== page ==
The semiconductor industry's growth and roadmap has historically depended on a reduction in cost per transistor with each new generation of chip technology, as it shrinks to smaller dimensions, but next-generation chips offer less of these cost benefits. Thus, this is one of the major challenges facing the industry over the next decade. This cost problem is derived from difficulties obtaining high parametric yields for devices fabricated on silicon wafers at the new device node sizes.
Many companies across the semiconductor industry are developing 20nm bulk high-K metal gate (HKMG) CMOS as well as 16 to 14nm FinFET logic-based transistors, which have a higher cost per gate than 28nm bulk HKMG CMOS (which is technology I was involved in at ASMI for Intel). However, the node size shrinkage does offer reduced power consumption, which is critical for mobile and/or wearable devices that put a strain on limited battery capacity.
The 20nm node faces difficulty achieving low leakage due to challenges in controlling doping uniformity, line edge device pattern roughness, and other key physical parameters that are very sensitive to minor variations in manufacturing processes. The need for double patterning at 20nm (which is a process flow I helped facilitate and patent at Micron) also adds cost per wafer over 28nm, since it adds a significant number of process steps for manufacturing semiconductor chips compared to past generations of technology, when photolithography capability enabled direct patterning of intended node sizes.
The 16/14nm FinFET node for high-performance computing functionality, uses the same back-end interconnect structure as 20nm, so the chip area is only about nine percent smaller than 20nm node sizes. What’s more, this node has yield complications related to stress-related defects, device pattern layer overlay, and factors related to the high aspect ratio step coverage and process uniformity of 3D structures for aggressive device geometries, requiring the need of atomic layer deposition and etch processes even more. The cost problems are expected to continue as 28nm bulk CMOS technology evolves, while wafer depreciation costs will fall about 60 percent from the ramp-up towards high-volume production.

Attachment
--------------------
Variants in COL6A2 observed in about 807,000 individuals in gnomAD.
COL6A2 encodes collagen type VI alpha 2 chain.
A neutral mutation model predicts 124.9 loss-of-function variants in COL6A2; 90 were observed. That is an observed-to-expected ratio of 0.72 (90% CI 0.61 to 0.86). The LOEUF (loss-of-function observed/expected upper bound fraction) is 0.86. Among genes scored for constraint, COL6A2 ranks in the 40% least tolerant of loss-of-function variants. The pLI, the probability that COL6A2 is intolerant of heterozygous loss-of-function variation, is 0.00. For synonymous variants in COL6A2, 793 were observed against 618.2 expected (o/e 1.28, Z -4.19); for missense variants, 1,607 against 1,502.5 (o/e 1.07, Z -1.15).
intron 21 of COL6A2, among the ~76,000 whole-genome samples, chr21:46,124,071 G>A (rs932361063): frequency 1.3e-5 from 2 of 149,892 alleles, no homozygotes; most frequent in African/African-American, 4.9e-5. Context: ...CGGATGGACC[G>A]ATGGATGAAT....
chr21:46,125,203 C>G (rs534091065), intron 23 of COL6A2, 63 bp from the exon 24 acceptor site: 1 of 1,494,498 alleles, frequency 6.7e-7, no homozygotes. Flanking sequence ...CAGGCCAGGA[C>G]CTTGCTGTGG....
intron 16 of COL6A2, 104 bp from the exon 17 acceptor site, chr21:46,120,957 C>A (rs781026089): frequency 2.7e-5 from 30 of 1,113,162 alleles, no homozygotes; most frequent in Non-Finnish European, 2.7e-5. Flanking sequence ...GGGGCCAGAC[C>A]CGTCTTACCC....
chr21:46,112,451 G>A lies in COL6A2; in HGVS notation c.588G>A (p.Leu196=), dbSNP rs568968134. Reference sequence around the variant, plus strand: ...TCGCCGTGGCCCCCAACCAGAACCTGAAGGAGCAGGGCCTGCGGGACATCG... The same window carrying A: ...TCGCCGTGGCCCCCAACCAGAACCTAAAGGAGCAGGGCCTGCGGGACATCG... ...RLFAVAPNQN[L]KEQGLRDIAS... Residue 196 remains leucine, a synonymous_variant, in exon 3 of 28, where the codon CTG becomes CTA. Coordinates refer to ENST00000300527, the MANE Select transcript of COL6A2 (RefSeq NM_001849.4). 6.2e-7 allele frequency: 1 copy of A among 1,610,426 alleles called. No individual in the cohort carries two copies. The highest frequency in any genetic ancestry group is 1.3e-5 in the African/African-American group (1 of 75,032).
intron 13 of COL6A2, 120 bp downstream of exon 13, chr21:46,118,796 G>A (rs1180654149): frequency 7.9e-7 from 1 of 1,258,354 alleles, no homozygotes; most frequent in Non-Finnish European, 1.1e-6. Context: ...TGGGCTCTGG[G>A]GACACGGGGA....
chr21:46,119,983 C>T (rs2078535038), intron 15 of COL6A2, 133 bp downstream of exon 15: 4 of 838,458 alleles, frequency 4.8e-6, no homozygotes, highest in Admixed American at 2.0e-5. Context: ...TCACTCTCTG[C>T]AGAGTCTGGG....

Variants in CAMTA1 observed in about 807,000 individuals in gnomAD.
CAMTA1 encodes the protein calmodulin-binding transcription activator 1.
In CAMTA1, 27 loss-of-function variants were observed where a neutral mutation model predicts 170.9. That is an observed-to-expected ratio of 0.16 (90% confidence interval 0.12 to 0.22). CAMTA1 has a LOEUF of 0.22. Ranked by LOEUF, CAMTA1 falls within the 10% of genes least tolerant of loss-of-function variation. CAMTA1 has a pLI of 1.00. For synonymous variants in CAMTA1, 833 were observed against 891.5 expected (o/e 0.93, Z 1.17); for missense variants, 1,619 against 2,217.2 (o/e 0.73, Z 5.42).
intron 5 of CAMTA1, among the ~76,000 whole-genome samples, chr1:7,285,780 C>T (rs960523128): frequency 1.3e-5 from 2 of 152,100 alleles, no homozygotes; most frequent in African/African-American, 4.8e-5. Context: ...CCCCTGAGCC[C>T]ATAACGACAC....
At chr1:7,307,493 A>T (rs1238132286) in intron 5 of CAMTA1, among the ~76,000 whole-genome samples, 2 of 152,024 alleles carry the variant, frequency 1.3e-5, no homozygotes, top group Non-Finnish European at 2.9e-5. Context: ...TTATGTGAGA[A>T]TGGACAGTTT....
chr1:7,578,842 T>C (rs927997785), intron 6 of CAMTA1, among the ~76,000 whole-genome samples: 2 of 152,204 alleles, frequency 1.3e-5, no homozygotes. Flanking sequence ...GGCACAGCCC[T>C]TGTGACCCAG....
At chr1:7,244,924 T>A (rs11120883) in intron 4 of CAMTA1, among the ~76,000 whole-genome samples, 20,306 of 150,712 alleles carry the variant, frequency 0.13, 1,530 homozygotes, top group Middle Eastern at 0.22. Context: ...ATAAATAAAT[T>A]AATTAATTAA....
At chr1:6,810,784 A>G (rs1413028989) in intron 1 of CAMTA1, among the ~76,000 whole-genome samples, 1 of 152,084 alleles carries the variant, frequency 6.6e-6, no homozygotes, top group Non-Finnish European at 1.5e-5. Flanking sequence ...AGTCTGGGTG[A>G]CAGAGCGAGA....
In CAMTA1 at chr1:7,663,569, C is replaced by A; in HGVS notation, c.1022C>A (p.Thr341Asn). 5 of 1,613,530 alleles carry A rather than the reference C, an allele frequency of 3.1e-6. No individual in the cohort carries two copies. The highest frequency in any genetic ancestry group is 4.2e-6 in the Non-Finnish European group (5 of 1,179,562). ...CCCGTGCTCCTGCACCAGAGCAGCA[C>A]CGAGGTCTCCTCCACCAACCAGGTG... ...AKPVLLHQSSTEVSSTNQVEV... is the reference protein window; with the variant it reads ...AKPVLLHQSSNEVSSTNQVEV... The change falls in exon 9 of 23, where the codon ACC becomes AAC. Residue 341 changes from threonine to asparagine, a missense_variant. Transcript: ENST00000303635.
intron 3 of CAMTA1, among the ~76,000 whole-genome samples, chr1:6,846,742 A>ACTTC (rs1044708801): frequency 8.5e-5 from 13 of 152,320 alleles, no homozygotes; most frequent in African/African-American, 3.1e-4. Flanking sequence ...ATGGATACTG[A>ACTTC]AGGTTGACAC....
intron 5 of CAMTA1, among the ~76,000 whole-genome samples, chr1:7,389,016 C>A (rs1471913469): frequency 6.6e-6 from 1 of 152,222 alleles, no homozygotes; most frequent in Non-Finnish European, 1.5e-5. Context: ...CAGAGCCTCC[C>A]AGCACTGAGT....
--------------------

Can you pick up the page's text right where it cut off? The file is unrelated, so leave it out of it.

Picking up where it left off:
Therefore, the cost per gate for 28nm bulk HKMG CMOS will be much lower than FinFETs even in the fourth quarter of 2017. However, the emergence of larger 450mm silicon wafers at that time will offer cost-savings benefits through economies of scale. FinFETs are primarily used for high-performance computing applications like processors or low-power designs at smaller node sizes but are not cost-effective in semiconductor chips for lower performance applications.
The semiconductor roadmap includes the scaling to 10nm and 7nm device node sizes, and the jury is still out on which approach will win-out for bringing that technology to fruition including: extreme ultraviolet photolithography (EUV), quadruple patterning, fully-depleted silicon-on-insulator (FD-SOI) layers, carbon nanotubes, and graphene transistors, among others. Worldwide sales of semiconductor manufacturing equipment totaled $31.6 billion in 2013, representing a year-over-year decrease of 14 percent, according to the SEMI industry trade organization, but a nearly equivalent gain on a percentage basis is expected in 2014 to meet future fab technology needs.
The cost of R&D and production for these advanced, lower power consumption chips geared towards mobile devices will likely lead to more consolidation across the industry including the transition towards top foundries such as TSMC, which is already booked through the third quarter of this year. Advanced chips will inevitably be expanded beyond more conventional mobile devices into emerging wearable devices such as Apple’s iWatch to be released this year in order to compete with the Samsung Galaxy Gear smartwatch as well as the recently released Google Glass.
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